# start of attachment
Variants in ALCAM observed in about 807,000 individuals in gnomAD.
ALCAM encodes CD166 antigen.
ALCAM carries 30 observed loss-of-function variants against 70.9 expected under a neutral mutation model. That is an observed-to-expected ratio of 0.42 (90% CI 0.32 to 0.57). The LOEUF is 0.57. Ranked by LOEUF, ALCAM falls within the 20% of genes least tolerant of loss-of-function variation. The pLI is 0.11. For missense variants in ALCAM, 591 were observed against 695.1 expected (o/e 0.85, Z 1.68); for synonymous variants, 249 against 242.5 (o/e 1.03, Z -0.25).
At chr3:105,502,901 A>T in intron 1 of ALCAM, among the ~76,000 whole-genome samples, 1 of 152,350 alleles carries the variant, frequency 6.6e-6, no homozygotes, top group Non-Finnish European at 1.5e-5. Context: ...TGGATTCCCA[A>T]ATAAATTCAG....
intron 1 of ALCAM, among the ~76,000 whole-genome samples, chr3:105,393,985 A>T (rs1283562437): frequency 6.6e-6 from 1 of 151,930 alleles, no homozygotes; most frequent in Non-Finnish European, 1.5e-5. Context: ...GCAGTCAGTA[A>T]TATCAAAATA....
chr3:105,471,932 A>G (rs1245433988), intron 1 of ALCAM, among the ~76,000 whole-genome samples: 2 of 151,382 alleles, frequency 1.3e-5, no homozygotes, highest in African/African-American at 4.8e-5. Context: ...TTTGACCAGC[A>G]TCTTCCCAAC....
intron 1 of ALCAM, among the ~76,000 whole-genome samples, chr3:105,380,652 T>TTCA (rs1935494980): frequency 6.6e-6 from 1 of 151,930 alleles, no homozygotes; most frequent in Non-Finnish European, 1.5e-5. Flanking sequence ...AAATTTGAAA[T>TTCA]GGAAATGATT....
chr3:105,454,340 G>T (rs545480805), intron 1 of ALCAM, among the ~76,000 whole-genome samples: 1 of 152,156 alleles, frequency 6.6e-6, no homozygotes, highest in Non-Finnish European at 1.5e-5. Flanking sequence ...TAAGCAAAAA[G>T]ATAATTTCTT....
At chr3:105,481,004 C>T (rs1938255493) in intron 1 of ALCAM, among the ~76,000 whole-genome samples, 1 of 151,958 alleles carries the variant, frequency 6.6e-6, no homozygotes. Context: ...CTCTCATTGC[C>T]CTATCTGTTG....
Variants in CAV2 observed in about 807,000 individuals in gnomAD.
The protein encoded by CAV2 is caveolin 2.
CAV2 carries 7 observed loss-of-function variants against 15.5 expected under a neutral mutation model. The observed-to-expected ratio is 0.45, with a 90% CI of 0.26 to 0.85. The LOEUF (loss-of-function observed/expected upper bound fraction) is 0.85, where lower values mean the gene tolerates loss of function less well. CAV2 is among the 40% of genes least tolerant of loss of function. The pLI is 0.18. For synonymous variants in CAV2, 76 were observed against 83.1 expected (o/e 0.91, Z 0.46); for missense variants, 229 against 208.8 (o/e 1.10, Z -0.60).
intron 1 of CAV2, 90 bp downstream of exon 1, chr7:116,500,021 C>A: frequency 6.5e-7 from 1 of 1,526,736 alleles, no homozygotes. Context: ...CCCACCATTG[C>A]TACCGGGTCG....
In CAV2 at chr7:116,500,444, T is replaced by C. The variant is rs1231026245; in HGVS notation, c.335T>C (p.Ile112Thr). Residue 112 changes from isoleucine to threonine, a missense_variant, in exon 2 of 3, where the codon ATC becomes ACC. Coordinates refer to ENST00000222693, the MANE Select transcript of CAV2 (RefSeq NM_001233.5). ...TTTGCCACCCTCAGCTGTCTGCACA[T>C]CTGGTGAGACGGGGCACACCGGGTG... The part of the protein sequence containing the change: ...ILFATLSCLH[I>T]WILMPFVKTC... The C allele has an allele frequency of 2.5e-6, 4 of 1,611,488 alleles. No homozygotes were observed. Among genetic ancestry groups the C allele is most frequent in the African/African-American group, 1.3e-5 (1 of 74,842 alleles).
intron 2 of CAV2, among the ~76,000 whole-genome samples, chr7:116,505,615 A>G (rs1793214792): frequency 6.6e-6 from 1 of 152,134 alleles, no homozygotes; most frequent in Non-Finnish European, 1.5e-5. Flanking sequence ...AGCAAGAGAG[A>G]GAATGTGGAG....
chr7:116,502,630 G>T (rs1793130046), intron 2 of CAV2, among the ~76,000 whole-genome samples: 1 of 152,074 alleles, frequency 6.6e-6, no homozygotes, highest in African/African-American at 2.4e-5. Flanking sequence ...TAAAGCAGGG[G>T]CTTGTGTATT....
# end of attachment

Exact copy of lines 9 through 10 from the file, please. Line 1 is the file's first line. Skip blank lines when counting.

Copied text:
At chr3:105,481,004 C>T (rs1938255493) in intron 1 of ALCAM, among the ~76,000 whole-genome samples, 1 of 151,958 alleles carries the variant, frequency 6.6e-6, no homozygotes. Context: ...CTCTCATTGC[C>T]CTATCTGTTG....
Variants in CAV2 observed in about 807,000 individuals in gnomAD.